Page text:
It comes after the Archbishop told those who voted to stay in the EU to "stop whingeing" and accept the verdict of the Brexit vote at a Christian festival last week.
Welby shared on social media his regret over hurting people's feelings with his "careless" and "insensitive" remarks saying: "I am aware of the upset after I talked about the need to "stop whingeing" about the Brexit referendum result.
"I expressed myself carelessly and insensitively in the moment. I apologise for that and the hurt that people have felt."
He went on to say that Christians have a responsibility to be "salt and light" and to "admit when they go wrong."
In his Facebook post the Archbishop insists the intention of his comments was to discourage hateful language and promote unity and reconciliation at a time of great division across the country.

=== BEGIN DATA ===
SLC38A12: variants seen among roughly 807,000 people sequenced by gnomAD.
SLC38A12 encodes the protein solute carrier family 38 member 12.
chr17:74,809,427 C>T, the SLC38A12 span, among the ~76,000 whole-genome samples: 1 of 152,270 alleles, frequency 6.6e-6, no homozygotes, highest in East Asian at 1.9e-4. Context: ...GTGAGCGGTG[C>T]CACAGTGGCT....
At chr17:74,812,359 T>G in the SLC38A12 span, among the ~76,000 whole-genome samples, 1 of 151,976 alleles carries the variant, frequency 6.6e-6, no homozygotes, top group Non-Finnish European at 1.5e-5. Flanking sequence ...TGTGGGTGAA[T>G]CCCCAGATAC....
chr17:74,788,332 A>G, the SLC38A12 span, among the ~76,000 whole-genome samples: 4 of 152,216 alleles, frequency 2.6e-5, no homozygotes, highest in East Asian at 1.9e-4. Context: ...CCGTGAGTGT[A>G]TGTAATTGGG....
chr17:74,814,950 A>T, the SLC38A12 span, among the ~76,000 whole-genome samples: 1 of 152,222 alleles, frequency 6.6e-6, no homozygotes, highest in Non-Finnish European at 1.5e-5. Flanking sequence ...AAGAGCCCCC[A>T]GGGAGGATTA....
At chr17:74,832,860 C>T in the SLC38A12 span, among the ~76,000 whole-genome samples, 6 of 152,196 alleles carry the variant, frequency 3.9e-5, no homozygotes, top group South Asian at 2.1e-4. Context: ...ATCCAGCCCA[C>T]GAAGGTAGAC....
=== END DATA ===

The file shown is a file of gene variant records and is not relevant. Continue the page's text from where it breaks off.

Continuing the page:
He went on to say that although he has concerns over the political climate and the implications a no-deal Brexit could have on the poor, he recognises that all Christians are united by their faith in Christ, regardless of their politic views.
"I remain concerned about the risks of No Deal Brexit for the people least able to bear them. These risks may or may not turn out to be reality, but we must be very sure that those who need protection are protected.
"What unites us is our faith in Jesus Christ. We recognise that through His undeserved love, there is hope and purpose and full life on offer to every person.
"There is no single Christian view of these matters. We all hold our different political beliefs and ideas within the love Christ calls us to have for each other, even our political opponents."
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